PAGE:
Cinema is a great base of scientific information and can be used as a teaching resource to increase students’ motivation for science.
The sensory impact of moving images usually exceeds that produced by static photographs, which leads to better memory and association reinforcement.
But care must be taken, since its playful nature can make it difficult to apply when there is a lack of rigor in the proposed activities.
Science fiction in the classroom
The genre that contributes the most to science education is science fiction. It brings the scientific reality closer to the students taking advantage of their previous ideas. Fiction and science are compatible worlds: fiction feeds on reality and science needs ingenuity and imagination to advance.
The first thing is to avoid possible illegalities. According to Article 32.3 of the Spanish Intellectual Property Law , the partial reproduction of audiovisual material for educational purposes is allowed. In other words, we can use all film genres as a teaching resource in the science classroom.
Physics and chemistry in series and movies
Examples of series that have brought physics closer to the public are The Big Bang Theory and Lost in Space . The Adventures of Tadeo Jones is a film that connects with the younger audience. A recurring theme is space travel, as in Gravity , Mars or Interstellar , where we find constant references to modern physics. Also, why not, we can include the paths of “the force” from the Star Wars saga .
Currently, physics in the cinema is common, but chemistry is camouflaged between images, without significant evidence. However, we find examples such as Bones , a well-documented series based on forensic science, Breaking Bad , whose protagonist is a chemistry teacher, and the movie Fight Club , where the manufacture of soap by saponification is detailed.
To adapt the resource to the educational stage, to the time, to the context and to the legislation, we propose to use brief sequences. The selection of these is a critical point. For 4th ESO Physics and Chemistry, we have selected a fragment from the series Stranger Things
The use of film material in secondary education is not as common as in university, although there is enough data to prove its advantages.
The scene that we propose takes place from minute 22 to 32 of chapter 7 of the first season . The protagonists want to generate a portal so that Eleven, the main girl who has extrasensory powers, can contact a friend trapped in a different reality.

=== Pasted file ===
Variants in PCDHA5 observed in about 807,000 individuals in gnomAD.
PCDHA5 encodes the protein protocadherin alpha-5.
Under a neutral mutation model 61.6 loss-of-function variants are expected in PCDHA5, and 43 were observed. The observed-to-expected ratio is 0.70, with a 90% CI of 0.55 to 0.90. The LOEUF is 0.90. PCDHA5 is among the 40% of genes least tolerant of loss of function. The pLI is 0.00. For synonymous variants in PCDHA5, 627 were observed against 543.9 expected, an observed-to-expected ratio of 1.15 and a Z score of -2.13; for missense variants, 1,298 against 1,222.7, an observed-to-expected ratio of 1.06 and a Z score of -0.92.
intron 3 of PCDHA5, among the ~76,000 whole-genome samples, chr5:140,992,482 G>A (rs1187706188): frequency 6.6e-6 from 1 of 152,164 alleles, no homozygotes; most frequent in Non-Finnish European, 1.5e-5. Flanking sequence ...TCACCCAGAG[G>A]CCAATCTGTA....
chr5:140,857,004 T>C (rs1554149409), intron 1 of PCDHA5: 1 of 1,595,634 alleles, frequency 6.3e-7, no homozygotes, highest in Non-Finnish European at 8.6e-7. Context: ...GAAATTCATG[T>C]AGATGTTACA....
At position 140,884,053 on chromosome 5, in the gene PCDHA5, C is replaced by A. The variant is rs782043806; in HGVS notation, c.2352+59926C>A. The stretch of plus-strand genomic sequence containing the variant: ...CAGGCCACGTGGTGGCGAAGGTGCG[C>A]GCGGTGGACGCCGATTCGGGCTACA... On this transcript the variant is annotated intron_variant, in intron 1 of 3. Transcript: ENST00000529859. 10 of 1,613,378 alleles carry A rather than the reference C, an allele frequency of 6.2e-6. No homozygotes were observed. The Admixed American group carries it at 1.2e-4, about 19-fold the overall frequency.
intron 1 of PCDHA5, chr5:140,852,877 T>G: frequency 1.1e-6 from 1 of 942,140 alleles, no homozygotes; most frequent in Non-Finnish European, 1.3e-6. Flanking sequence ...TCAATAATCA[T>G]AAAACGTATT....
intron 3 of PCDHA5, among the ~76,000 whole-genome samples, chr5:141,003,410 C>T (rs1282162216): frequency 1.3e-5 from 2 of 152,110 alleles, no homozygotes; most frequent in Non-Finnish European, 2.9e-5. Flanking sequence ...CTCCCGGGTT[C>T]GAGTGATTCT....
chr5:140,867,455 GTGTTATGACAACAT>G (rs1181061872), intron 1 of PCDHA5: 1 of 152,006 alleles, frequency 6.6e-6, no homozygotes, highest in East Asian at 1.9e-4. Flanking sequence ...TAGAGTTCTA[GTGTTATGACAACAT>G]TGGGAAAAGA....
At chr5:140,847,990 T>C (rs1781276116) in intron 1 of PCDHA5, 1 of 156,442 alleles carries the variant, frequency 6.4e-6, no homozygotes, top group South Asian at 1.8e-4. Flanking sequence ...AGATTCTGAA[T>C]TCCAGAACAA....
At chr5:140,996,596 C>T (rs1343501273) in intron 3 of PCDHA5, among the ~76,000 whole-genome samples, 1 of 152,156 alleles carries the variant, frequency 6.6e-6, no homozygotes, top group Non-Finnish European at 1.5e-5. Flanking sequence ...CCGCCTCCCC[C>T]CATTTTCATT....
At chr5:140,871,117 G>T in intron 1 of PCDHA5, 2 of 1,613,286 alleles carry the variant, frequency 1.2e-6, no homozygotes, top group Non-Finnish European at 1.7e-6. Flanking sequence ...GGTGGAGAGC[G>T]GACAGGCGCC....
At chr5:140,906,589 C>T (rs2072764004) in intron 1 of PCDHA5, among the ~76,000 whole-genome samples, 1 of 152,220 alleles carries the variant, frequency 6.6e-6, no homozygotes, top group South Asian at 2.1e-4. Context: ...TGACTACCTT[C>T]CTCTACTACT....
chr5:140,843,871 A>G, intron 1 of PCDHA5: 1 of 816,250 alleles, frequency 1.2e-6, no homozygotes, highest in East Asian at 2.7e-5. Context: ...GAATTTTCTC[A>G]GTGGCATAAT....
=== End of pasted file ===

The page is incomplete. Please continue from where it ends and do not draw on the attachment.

Their science teacher explains to them over the phone how to create the right portal: they need to build a sensory deprivation tank with a highly concentrated saline solution. They prepare the solution by adding common salt until an egg floats. Eleven must also float.
The protagonists have 700 kg of salt, which they have to dilute in the volume of water that enters a children’s pool and at a specific temperature. The children place the pool on a basketball court, fill it with water and add salt. One checks with an egg if the concentration is sufficient by applying the concept of buoyancy and its relationship with density.
On the first try, the egg sinks. In everyday life, this phenomenon is observed when cooking an egg. However, after adding more and more salt, he exclaims… “Eureka!” The egg floats.
“Eureka!” is the expression attributed to Archimedes of Syracuse when he discovered that every body immersed in a liquid experiences a vertical and upward thrust equal to the weight of fluid displaced. If this push counteracts the weight of an object, the object floats.
The image of the floating egg is the most significant and arouses the curiosity of the viewer and, of course, the science student. The sequence ends when Eleven enters the pool and floats.
A possible exercise
From here, you can induce the student’s reflection through questions and predict whether or not it is feasible for the egg to float in a stable manner.
The density of the final solution must be calculated. You need to know the amount of water in the pool. For this, Fermi-type estimates are applied , since the information of the scene is very limited. The student, like a detective, will look for information between the frames.
For example, the diameter of the pool can be estimated using the frame in Figure 2: the pool appears inside the center circle of an American basketball court (3.6 m).
You also need to know the solubility of the salt, which is temperature dependent. This value is obtained from another frame, one of the children holds a thermometer where the temperature can be read.
Incidentally, analysis of the data will indicate that the salt solution is not saturated. All images can be shown to have scientific rigor.
This sequence of Stranger Things is also much more than science: it promotes relationships of respect among equals, curiosity to learn and experiment, and gives a vision of a science teacher who is friendly and involved with his students.
This is just one example of what we can find among the wide range of possible sequences. The purpose is always to increase motivation and curiosity about science.
Author Bios: Beatriz Garcia Vassal is Professor in the Electronics Area (Department of Applied Physics) and Patricia Desire Aldonza Cimas is Professor of Secondary Education specializing in Physics and Chemistry both at the University of Salamanca